Researchers Draw from 'Star Wars' to Develop Touch-Sensitive Artificial Skin

A robotic system created by researchers with the National University of Singapore that employs a system to mimic a neural network. (National University of Singapore)

The Force is strong with these scientists.

Researchers in Singapore are working on a type of artificial skin that can replicate the sense of touch for people who use prosthetic limbs, Reuters reported.

The National University of Singapore scientists drew inspiration from Luke Skywalker's highly advanced artificial right hand in "Star Wars," lead researcher Benjamin Tee said.

The character played by Mark Hamill received the artificial hand after losing the body part during a lightsaber duel with Darth Vader in 1980's "The Empire Strikes Back."

"When you lose your sense of touch, you essentially become numb ... and prosthetic users face that problem," Tee said, according to Reuters.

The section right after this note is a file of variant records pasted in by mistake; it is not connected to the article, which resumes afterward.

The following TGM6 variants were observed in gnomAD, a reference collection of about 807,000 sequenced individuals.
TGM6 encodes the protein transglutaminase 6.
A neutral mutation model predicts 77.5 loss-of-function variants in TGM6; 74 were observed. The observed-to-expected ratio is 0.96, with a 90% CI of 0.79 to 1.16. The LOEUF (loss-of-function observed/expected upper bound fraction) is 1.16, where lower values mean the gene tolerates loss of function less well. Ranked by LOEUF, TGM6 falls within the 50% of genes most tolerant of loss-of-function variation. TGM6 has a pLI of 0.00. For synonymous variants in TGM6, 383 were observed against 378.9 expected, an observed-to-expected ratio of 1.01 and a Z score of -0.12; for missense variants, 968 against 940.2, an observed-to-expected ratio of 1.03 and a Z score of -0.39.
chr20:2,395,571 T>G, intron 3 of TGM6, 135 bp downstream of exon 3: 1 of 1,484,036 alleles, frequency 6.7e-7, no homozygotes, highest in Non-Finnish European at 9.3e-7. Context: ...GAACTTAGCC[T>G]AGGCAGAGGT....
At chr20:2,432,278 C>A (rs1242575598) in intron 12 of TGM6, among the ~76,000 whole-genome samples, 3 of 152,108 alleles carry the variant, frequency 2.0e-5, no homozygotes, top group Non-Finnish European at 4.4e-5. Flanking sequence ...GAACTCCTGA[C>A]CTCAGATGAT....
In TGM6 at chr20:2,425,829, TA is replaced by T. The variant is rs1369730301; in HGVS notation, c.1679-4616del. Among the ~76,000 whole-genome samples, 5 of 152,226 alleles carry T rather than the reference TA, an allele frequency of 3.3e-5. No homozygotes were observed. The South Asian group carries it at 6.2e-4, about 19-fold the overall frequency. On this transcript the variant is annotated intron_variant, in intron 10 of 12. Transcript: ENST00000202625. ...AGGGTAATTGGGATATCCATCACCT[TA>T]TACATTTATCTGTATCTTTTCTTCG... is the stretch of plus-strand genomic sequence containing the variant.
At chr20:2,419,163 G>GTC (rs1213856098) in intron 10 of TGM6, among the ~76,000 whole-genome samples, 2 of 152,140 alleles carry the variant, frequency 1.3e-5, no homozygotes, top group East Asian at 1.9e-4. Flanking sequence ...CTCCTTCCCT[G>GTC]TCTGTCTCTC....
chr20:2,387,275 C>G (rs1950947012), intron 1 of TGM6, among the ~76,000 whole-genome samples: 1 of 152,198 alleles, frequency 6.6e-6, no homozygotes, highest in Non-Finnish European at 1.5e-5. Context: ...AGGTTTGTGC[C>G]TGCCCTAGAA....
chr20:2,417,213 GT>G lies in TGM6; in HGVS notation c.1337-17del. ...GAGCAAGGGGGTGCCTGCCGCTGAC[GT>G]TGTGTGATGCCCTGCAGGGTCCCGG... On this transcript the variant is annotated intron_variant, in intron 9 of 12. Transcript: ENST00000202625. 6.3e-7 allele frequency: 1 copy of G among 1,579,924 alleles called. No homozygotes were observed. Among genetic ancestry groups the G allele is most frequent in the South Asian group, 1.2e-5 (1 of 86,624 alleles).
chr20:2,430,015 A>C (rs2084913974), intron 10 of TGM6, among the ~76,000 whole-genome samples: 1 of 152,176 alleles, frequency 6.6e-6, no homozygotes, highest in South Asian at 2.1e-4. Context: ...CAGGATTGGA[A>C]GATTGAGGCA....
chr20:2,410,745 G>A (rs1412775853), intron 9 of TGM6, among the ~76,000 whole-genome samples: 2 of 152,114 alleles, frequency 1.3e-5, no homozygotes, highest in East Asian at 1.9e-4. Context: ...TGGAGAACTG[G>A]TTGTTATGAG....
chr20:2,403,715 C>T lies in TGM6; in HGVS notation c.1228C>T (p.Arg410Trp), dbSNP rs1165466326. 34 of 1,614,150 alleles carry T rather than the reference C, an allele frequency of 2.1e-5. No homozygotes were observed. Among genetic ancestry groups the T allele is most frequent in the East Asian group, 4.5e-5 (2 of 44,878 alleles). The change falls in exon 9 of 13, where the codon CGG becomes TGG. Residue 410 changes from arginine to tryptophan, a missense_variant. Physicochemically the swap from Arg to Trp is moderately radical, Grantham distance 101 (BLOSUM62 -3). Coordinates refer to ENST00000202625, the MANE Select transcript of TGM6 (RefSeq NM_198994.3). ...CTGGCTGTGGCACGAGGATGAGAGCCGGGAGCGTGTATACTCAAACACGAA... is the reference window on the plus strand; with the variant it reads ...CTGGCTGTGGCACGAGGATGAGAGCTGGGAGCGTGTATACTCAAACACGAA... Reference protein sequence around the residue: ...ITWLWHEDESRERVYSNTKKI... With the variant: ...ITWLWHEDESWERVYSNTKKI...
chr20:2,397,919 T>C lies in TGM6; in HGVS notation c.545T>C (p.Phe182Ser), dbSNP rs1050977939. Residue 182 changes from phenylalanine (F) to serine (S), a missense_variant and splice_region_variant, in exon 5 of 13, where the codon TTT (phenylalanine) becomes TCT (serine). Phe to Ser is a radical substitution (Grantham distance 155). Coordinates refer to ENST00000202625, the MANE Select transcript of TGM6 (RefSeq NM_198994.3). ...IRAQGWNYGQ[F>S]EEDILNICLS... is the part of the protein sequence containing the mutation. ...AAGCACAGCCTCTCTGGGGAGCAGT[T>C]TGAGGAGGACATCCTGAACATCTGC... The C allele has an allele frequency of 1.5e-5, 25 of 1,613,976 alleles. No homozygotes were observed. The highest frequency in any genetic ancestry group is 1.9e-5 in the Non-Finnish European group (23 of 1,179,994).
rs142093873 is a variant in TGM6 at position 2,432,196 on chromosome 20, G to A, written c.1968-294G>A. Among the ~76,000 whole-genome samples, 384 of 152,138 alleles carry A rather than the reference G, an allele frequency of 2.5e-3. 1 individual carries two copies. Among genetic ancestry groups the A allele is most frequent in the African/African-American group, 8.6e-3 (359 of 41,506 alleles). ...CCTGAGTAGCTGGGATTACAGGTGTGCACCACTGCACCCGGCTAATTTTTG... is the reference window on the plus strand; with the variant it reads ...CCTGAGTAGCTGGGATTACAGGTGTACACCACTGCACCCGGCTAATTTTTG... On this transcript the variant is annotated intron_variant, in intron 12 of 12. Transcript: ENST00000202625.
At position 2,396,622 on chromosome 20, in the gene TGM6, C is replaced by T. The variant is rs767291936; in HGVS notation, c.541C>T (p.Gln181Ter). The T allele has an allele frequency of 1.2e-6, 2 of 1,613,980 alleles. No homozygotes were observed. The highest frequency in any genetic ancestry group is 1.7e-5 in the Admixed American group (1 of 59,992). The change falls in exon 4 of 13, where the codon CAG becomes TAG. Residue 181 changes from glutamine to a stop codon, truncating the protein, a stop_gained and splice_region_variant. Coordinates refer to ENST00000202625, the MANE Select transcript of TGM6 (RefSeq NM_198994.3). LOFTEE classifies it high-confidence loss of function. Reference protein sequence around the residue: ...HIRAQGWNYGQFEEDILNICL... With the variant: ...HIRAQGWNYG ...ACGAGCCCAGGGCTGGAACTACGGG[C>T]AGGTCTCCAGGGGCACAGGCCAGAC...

"So by recreating an artificial version of the skin, for their prosthetic devices, they can hold a hand and feel the warmth and feel that it is soft, how hard are they holding the hand."

The artificial skin, which is now in the experimental phase, features about 100 sensors on it.

So far, the device, which is only about 1 square centimeter in size, can identify 20-30 textures. It is also able to read Braille at better than 90% accuracy, according to Reuters.

The goal for the device -- which is called Asynchronous Coded Electronic Skin (ACES) -- is to give people who use prosthetic limbs the chance to feel sensations such as texture, temperature and pain.


This article is written by Peter Sblendorio from New York Daily News and was legally licensed via the Tribune Content Agency through the Industry Dive publisher network. Please direct all licensing questions to

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